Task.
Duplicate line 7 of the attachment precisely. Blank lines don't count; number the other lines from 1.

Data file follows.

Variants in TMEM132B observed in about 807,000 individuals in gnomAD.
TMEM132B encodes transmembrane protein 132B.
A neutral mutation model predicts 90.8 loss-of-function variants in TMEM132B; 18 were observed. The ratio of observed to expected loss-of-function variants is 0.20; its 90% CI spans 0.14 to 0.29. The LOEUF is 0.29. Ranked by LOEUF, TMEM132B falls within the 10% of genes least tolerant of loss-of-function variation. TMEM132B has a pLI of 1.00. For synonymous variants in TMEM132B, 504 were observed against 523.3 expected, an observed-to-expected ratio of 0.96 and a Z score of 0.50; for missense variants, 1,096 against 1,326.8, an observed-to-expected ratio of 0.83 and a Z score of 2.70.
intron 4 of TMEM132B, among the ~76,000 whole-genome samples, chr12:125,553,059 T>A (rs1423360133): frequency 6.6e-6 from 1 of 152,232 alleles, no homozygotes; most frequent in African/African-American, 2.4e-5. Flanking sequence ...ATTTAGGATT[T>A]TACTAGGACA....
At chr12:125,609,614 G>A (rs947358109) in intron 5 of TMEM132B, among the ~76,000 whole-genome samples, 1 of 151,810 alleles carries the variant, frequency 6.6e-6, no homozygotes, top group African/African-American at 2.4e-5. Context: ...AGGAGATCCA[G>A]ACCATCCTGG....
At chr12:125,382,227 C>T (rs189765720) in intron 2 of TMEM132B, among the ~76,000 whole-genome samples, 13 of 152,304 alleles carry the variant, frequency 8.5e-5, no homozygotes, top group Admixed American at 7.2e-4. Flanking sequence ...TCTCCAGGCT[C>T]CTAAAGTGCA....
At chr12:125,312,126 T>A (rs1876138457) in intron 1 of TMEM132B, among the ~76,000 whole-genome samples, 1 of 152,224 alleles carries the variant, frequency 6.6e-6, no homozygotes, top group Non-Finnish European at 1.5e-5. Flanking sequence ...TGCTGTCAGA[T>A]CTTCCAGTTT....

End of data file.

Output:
At chr12:125,312,126 T>A (rs1876138457) in intron 1 of TMEM132B, among the ~76,000 whole-genome samples, 1 of 152,224 alleles carries the variant, frequency 6.6e-6, no homozygotes, top group Non-Finnish European at 1.5e-5. Flanking sequence ...TGCTGTCAGA[T>A]CTTCCAGTTT....